“To play college hockey, you already have to be in the top 2% of all kids that play youth hockey in the United States. So, it honestly wasn’t something that we really talked about. We were really just focusing on getting better each day and Mike epitomized that,” recalled McNamara, who stressed that making it to the NCAA ranks was just the start of another important test. “It was no cakewalk for him at Princeton. He had to battle it out against other highly recruited goaltenders for four straight years.”

Condon remained steadfast in the pursuit of his goal, even when no NHL team showed interest after his time at Princeton came to an end. After his final collegiate game in 2013, Condon’s unshakable determination was on full display as he read through the ECHL and AHL transaction logs daily to see if there were any recent injuries that would give him a chance to take advantage of a last-minute job opening.

“Logic would say that the odds weren’t in his favor. Some teams might be willing to give a college amateur a one or two-game tryout. I remember Mike’s agent saying that he sent his name to every team in the two leagues and only two teams responded,” said McNamara.

When his only chance at continuing his hockey career appeared to be all the way across the country in California with the ECHL’s Ontario Reign, Condon’s commitment never wavered. He posted a 3-1-0 record along with a 1.48 GAA and a .943 save percentage which caught the attention of several AHL teams.

That’s when the Houston Aeros – the former AHL affiliate of the Minnesota Wild – decided to take a chance on the undrafted goaltender when injuries left a vacancy between the pipes come playoff time. Houston might not have hoisted the Calder Cup that year, but the short tryout was enough to catch the attention of Rick Dudley – the Canadiens’ senior VP of hockey operations who first spotted Condon in 2012-13. Based on the joint recommendation of Dudley and Canadiens goalie consultant Vincent Riendeau, the Habs opted to sign Condon to his first entry-level NHL contract on May 8, 2013, just four days after his season in Houston had wrapped up.

The part of Condon’s story that fans are most familiar with begins with his strong performance at training camp in Brossard. That was enough to compel the Canadiens to take a chance on giving him the No. 2 role behind Carey Price. Evidently, the combination of ambition, composure and mental fortitude that Condon embodied ultimately convinced Marc Bergevin & Co. to take a chance on the Holliston, MA native straight out of training camp.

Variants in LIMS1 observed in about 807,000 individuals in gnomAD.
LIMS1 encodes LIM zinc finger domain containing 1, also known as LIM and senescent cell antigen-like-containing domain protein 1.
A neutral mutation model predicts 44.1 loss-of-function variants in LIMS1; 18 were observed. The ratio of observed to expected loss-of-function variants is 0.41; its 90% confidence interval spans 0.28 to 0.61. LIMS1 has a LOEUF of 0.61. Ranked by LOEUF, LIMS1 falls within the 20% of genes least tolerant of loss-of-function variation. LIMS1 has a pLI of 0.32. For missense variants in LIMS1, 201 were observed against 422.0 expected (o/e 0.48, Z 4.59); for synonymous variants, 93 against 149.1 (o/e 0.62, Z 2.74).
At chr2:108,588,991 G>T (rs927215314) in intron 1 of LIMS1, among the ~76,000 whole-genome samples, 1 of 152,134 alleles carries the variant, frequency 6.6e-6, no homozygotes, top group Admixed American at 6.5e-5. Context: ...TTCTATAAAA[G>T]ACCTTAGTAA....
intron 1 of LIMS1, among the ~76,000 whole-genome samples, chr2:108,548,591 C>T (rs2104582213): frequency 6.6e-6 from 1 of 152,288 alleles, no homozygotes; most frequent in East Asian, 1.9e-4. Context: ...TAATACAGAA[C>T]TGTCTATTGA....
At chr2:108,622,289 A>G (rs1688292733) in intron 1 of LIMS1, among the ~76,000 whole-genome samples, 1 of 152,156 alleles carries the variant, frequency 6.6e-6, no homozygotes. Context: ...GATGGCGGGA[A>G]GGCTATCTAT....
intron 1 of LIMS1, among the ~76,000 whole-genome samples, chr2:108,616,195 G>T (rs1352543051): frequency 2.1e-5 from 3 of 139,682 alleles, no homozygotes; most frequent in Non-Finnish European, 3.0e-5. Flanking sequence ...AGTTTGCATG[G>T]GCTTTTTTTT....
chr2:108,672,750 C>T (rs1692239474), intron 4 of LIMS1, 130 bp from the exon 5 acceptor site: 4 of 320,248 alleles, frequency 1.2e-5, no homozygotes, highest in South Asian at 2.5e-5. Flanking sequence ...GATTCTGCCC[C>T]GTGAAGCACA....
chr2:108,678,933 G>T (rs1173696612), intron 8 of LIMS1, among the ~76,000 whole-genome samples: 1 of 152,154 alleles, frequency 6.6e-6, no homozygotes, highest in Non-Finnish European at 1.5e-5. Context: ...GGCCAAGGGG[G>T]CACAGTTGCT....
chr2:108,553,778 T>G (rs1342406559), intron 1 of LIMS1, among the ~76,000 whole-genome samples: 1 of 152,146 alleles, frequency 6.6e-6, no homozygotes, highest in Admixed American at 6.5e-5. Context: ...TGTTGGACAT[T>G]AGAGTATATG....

By the end of his first NHL season, Condon – who was most recently called upon to represent the United States at the 2016 IIHF World Hockey Championships - had played in 55 games. He became the third-most utilized rookie netminder in Canadiens history, trailing only Ken Dryden (64 in 1971-72) and Gerry McNeil (70 in 1950-51). He also posted a 5-1 win over the Boston Bruins in the Winter Classic at Gillette Stadium on New Year’s Day in front of family and friends aplenty.

What the future holds for Condon may be uncertain, but it’s safe to say that he’ll always have McNamara in his corner.

“It’s surreal to turn on Canadiens games on TV and see Mike in net. But, when I look at Mike, I can tell that he’s still that same exact kid that he was back in Belmont Hill. I see the exact same mentality and personality. He’s very respectful and kind to everyone he meets. You want to see guys like him succeed. I know he’s in the big leagues, but I think of him more as a human being than a hockey player,” concluded McNamara.

“I grew up in Boston my whole life, but if Mike Condon is playing, then the Canadiens are my team.”

Jared Ostroff is a writer for